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testably used in the sense of swearing,' of taking an oath, under the penalty of a' curse,'-or, ' of engaging under a curse,' as Archdeacon Sharp and his associates are constrained to admit, it must follow, that · Ale:m,' active and plural, must signify . engagers ;' and that .

Alue,' passive and singular, must signify one engaged,' &c.

That I am not furnished with equal authorities from Scripture, how and where to apply · Alue, in this sense, as I have shewn myself to be furnished with, for the sense and application of the word · Adoni,' I am not in the least afraid to acknowledge, while allowed to call in the aid of a Commentator sufficiently qualified for the task of cnabling me to give to the word ' Alue,' the same restrictive application, which I have been enabled to give to the word Adoni.' That clear and boldly decisive text of St Paul, for which he produces authority, gives me both the explication and the application of the title “ Alue;' and, to rest satisfied with what an inspired apostle has declared, can never be to

my discredit, or to the discredit of the Christian reader. Christ,' saith St Paul, hath redeemed • us from the CURSE of the law, being MADE A • CURSE (next apa execratio) for us: For it is written, Cursed is every one, that hangell on a tree':


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i Gal. ii. 13•

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to which some have resorted, to deprive the christian scheme of this gracious title Alue ;' and to make of it any thing, or nothing, rather than admit, that the ' natapa’ of St Paul is, at the greatest distance, signified by it, or included in it. It is certain, from the tenour of St Paul's reasoning, that our redemption does, in deed, and in truth, depend upon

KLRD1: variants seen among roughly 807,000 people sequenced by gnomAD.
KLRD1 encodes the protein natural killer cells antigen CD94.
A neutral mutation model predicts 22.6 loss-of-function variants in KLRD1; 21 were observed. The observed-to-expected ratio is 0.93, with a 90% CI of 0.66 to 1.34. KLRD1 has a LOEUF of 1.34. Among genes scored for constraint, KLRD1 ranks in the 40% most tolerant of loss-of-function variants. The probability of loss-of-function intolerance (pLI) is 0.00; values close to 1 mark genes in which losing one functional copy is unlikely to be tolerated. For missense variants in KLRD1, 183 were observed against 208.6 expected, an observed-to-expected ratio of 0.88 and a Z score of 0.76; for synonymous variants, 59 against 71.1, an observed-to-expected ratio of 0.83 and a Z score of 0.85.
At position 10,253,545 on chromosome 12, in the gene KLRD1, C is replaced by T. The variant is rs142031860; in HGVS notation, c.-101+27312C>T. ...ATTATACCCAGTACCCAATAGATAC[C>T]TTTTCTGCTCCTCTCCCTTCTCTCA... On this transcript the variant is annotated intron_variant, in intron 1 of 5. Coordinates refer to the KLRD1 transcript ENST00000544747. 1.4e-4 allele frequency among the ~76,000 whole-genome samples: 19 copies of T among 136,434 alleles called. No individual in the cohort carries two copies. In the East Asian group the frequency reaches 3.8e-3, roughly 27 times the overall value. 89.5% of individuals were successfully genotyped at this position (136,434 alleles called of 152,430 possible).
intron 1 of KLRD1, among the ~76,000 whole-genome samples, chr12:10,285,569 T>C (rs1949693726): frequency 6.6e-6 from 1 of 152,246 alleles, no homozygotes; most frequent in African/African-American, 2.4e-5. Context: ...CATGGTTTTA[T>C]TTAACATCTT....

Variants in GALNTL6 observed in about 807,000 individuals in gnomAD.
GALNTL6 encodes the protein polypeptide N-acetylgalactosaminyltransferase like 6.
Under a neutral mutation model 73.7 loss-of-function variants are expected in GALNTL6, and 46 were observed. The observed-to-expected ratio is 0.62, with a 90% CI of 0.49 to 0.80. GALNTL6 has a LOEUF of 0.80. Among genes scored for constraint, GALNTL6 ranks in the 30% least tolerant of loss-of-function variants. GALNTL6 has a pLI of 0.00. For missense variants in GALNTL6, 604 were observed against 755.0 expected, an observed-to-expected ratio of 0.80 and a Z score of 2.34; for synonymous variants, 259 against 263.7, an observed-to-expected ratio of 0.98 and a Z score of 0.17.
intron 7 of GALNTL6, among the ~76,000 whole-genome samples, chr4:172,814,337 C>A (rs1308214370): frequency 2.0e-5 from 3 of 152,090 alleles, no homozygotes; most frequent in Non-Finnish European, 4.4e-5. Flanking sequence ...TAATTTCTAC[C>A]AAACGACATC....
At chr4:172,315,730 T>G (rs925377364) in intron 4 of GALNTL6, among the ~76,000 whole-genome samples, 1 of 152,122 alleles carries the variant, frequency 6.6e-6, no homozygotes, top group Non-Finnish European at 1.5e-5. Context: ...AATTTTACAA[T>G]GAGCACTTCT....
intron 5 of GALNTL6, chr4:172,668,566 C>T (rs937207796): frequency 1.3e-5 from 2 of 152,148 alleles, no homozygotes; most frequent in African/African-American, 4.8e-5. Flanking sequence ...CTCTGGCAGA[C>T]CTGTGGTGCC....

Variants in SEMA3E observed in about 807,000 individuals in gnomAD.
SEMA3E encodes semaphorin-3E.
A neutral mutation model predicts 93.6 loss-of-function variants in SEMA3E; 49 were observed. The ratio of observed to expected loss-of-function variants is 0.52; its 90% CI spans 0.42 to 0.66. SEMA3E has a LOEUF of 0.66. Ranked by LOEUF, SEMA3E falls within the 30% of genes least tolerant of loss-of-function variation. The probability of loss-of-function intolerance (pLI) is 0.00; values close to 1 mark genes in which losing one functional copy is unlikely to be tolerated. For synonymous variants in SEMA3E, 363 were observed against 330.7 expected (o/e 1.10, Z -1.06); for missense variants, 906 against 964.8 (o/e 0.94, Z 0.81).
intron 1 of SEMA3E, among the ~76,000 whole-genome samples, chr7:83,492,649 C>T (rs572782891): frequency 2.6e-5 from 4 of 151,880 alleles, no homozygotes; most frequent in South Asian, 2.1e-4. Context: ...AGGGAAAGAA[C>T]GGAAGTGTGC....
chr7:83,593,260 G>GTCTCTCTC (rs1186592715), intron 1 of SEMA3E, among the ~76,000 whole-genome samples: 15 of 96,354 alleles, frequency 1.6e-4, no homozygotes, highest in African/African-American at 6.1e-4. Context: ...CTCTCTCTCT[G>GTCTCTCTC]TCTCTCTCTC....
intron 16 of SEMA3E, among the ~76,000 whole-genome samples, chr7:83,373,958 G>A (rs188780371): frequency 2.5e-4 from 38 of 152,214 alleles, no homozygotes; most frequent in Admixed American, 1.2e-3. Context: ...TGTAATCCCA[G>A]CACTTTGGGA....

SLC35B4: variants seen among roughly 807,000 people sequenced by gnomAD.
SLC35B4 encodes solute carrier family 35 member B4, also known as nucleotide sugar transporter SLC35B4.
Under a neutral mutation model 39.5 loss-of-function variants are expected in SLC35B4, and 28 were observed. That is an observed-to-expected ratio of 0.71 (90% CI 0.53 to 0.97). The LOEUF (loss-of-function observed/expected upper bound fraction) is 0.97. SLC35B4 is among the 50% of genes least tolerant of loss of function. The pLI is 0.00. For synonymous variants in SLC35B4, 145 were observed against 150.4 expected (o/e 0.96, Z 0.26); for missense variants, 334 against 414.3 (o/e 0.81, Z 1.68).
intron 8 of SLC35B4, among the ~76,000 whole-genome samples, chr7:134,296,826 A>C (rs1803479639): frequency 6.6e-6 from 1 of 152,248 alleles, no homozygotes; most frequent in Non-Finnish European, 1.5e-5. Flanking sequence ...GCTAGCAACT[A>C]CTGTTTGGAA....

the curse' being laid on him, “whom Jehovah had made strong for himself.' hand be upon him, the man of thy right hand, the • Son of Man,' exclaims the Psalmist'; in the very terms in which he had invoked Jehovah -' when he ' saw the angel, that smote the people, &c. • LET * THY HAND be against me, and against my Father's house .' That Christ bore this curse, the original and legal .curse,' pronounced against sin, and bore it for mankind at large, who would have sunk under the insupportable weight of it, is current scriptural doctrine, as well as the positive and explicit affirmation of St Paul, and has been the faith and hope of christians in all ages. And what a delightful reflection is it to think, that this our great Alue, he who was made a curse for us,' is introduced, by his evangelist, as opening his moutlı, on his entrance into his public ministry on earth, with • BLESSING.' Nothing indeed but benediction, through the whole course of his ministry, is found


1 Psalm 1xxx. 17. 2 Sam. xxiv. 17.--"Whose Son is Christ? They say unto him, ". The Son of David.


to proceed from his gracious lips. For, until the consummation of all things, when he shall divest himself of the character of " Alue,' the Son of God forbears from pronouncing a malediction even on his enemies. Then indeed the case will be altered, when

sitting on the throne of his glory', and having addressed those on his right hand, with a • Come


blessed,' he shall at last throw off the * natapa,' from himself to those who would not accept a release from it at his hand, pronouncing their awful doom, in that dreadful sentence, • De